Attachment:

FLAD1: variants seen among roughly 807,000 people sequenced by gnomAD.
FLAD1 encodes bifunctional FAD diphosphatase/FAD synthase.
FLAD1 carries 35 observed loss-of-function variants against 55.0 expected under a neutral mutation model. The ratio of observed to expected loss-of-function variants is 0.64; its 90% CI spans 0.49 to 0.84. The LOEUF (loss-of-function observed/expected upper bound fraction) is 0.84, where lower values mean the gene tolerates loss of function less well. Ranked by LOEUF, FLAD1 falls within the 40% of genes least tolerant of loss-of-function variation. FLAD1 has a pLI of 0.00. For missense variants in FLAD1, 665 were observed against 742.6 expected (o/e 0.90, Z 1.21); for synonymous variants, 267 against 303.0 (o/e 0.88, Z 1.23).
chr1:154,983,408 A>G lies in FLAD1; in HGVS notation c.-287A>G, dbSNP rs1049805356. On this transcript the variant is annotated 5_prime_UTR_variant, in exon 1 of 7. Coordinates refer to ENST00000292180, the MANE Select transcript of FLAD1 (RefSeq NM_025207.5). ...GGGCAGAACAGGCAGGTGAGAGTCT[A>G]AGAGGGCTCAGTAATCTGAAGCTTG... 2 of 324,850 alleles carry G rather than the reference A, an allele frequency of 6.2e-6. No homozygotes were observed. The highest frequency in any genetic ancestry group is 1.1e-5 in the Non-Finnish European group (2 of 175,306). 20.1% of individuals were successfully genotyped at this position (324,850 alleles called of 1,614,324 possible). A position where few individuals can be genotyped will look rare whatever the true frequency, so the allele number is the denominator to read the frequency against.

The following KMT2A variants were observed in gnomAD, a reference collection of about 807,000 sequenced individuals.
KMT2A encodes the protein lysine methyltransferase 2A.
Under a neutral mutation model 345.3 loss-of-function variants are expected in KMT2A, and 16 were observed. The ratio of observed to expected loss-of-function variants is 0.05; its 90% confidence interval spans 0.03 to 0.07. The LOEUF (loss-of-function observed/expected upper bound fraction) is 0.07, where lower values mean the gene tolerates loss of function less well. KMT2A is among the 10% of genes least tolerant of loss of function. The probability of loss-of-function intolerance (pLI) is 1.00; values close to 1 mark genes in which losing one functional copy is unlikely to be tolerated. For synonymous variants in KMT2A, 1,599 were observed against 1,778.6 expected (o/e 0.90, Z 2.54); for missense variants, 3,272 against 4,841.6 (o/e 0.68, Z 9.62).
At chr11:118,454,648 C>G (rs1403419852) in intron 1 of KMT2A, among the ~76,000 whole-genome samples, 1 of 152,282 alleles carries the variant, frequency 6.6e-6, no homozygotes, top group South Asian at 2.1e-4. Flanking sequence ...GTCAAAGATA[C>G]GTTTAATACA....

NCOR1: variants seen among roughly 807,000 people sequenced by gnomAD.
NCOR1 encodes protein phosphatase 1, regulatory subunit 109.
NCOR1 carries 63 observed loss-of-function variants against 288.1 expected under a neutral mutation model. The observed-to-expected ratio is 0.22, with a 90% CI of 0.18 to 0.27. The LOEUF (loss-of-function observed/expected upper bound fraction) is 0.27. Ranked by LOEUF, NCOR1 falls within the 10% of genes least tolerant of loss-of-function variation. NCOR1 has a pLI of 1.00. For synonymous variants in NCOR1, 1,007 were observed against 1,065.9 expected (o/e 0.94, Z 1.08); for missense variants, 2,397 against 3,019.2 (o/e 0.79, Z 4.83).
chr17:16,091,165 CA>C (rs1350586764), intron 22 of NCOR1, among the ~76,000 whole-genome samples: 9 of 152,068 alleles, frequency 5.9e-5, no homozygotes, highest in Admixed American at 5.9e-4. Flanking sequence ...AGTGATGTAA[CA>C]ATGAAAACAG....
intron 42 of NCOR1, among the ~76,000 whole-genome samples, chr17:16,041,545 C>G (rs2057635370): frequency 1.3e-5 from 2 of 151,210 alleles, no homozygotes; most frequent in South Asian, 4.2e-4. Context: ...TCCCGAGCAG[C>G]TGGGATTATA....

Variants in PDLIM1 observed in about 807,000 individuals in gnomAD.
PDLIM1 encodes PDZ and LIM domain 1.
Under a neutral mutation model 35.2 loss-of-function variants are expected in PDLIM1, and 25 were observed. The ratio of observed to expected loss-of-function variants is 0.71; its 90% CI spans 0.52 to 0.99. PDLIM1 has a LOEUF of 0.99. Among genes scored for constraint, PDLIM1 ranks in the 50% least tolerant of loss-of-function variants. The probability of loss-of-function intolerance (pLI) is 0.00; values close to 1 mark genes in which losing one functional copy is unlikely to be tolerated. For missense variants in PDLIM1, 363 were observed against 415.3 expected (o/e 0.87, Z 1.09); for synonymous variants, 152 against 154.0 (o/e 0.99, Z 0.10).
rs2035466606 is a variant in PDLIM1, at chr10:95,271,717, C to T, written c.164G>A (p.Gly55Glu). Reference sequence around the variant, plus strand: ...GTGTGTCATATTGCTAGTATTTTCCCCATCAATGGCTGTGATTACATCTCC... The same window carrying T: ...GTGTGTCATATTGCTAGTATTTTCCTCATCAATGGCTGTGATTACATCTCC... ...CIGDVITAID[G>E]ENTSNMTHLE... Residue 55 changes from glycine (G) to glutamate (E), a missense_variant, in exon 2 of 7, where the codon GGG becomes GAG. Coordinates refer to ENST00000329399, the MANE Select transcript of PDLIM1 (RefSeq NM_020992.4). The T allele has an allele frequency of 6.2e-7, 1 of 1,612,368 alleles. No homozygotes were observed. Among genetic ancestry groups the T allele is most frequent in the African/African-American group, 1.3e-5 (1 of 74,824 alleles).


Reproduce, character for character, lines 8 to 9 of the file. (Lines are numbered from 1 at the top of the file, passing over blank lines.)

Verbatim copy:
At chr11:118,454,648 C>G (rs1403419852) in intron 1 of KMT2A, among the ~76,000 whole-genome samples, 1 of 152,282 alleles carries the variant, frequency 6.6e-6, no homozygotes, top group South Asian at 2.1e-4. Flanking sequence ...GTCAAAGATA[C>G]GTTTAATACA....

NCOR1: variants seen among roughly 807,000 people sequenced by gnomAD.